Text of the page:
For the past 114 years, the Epiphany celebration in Tarpon Springs, Florida, has been a cooperative effort of the hard working members of the local church of St. Nicholas Cathedral, and also a great deal of assistance from the local city government. Unfortunately the cooperative relationship was dealt a harsh blow this year when the Parish Council and the Epiphany Committee of the St. Nicholas Cathedral (with the guidance, leadership, blessings and support of Fr. Haros and Metropolitan Alexios, the only Hierarch present this year) decided to prohibit laymen (politicians in particular) from standing on the platform that overlooks the bayou where the young men dive for the Cross, thus breaking the long standing practice of clergy and lay leaders being together. Amidst a downward trend of the membership in the Greek Orthodox Archdiocese of America (GOA), this is another sad day.
In a dramatic scene, as the Mayor of the City (the host) tried to go up the few steps to go on to the viewing stand (as has been the practice for the past 114 years), in full view of Metropolitan Alexios and Fr Haros, he was physically blocked by a councilman and prohibited. Also prohibited from being present on the viewing stand were U.S. Congressman Gus Bilirakis, the Counsel General of Greece, Mr. Dimitrios Sparos, and others civic leaders.
There were 2 reasons given for prohibiting these laymen from being on the viewing stand – safety and liturgical protocol. Both of these reasons are highly suspect. Because it was cited as a “liturgical event” it was concluded that only clergy should be there. Yet the Holy Water was already blessed in the Church. One is left to wonder how this was indeed liturgically exclusive to clergy only. In previous years when there actually were numerous people, many of the lower ranked clergy and general laity refrained from being on the viewing stand. To state that this prohibition of laymen on the viewing stand was purely a safety decision, vividly appears inaccurate, if not suspect. According to one city official, the Tarpon Springs Police Department and the Tarpon Springs Fire Department have not issued any official statements regarding safety concerns (thereby prohibiting laymen), even though it was suggested in the Church’s bulletin that they did. To add insult to injury, there were at least 3 laymen on the viewing stand, they were not politicians. Politicians and lay leaders appeared to be the target of this exclusion.
The Church’s bulletin suggested that it did not want anyone with “titles” by their name to be grand-standing in order to be seen. However it appears that the clergy themselves gave the appearance of grandstanding. Dozens of priests are not needed for this simple event. After all, this is not a divine liturgy, nor a sacrament, but a simple service wherein only laymen were targeted for exclusion.The question then arises: is this the onset of clericalism in the GOA? Is clericalism a by-product of the fundamentalism that has swept the GOA? Is this the reason attendance is so dreadfully down since the onset of fundamentalism? It appears that clericalism has now reared its divisive head. We will will lose more membership. It is sad.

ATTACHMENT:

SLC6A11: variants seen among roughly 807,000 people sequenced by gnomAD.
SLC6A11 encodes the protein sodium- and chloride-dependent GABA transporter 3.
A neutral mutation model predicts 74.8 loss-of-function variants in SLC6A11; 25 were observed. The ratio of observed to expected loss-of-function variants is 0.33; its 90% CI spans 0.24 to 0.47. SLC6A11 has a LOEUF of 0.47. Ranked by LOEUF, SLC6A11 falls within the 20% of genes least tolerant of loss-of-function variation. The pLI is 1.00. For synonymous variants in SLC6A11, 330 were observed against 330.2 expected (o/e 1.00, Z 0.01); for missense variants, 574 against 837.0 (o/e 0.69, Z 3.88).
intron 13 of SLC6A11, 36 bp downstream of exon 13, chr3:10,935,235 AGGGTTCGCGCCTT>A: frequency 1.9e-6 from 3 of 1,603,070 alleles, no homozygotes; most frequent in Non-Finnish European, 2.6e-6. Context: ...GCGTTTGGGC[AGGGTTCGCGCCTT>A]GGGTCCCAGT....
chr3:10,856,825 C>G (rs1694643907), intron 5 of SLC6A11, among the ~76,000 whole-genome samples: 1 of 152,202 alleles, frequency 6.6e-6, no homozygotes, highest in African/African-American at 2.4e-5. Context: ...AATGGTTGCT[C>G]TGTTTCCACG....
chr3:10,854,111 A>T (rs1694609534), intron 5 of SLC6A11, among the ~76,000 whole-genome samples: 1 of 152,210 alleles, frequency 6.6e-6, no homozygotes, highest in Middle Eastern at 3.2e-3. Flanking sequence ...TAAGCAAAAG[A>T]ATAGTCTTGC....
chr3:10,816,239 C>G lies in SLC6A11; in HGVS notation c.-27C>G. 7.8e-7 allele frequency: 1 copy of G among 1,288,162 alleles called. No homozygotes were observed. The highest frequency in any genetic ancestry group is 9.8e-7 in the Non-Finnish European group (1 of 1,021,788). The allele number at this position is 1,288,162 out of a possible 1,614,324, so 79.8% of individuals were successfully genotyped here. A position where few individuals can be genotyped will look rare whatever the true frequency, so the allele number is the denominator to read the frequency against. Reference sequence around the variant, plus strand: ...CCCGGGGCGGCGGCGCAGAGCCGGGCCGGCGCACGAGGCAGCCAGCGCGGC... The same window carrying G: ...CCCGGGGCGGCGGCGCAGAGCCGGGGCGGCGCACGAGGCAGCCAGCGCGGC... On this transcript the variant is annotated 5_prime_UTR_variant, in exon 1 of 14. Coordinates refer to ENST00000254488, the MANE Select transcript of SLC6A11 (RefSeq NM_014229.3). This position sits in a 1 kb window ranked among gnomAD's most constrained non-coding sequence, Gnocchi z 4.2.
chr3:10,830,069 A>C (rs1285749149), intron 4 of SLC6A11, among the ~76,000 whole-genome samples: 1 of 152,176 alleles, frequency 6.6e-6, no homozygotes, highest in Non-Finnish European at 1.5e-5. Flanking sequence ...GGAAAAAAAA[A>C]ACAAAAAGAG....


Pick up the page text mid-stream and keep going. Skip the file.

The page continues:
In one fell swoop, the peace of the community of St. Nicholas Cathedral was stained and will inevitably result in a divided, if not polarized, community. It has already begun. Some support what happened. Some do not. The net result is division. When frivolous and ridiculous positions like this are made, enthusiasm deteriorates and even more people will leave the Church. Pew research has already reported that the GOA national membership is down about 37% over the past 5 years. This will only make matters worse.
It is one thing to verbally proclaim that “we are one”, but if the Church starts alienating people, especially elected officials who are the representatives and the servants of the people, a rift is made in the community and it will only get worse. City Councilmen are not pleased with what happened, neither is anyone else. After all, tax-payer dollars were used. Consideration, one would think, should have been shown by Cathedral.
One would think that this action MUST have had the blessing of the Dean of the Cathedral, Fr. Haros, and also his superior, Metropolitan Alexios. It is foolish to think otherwise. The Church has many examples of communities ripped apart by priests who are subsequently transferred while the community is left to try and pick up the pieces, and hopefully, heal. Epiphany 2018 has revealed the gaping disconnect of our ordained leaders from the laymen entrusted to their spiritual care. It seems to many that this disconnect reveals a self-aggrandizing clerical ego emanating from our executive leaders. This kind of stubborn insistence appears to be born more of insecurity and pride, than matters of safety and protocol.
The question is then naturally raised as to the caliber of the clergy today, and especially the Hierarchs who direct them. By the way, the day started with Divine Liturgy, where the police were called to remove a priest from the Altar, who did not have the Metropolitan’s permission to be there. They also removed his son who is a chanter. While we are not taking a position here on who is right and who is wrong, we can all agree that this day of festivities was tarnished from the beginning.
While Epiphany (aka Theophany) is very much about the revelation of the Holy Trinity, this year revealed just how broken we are, clergy and laity alike.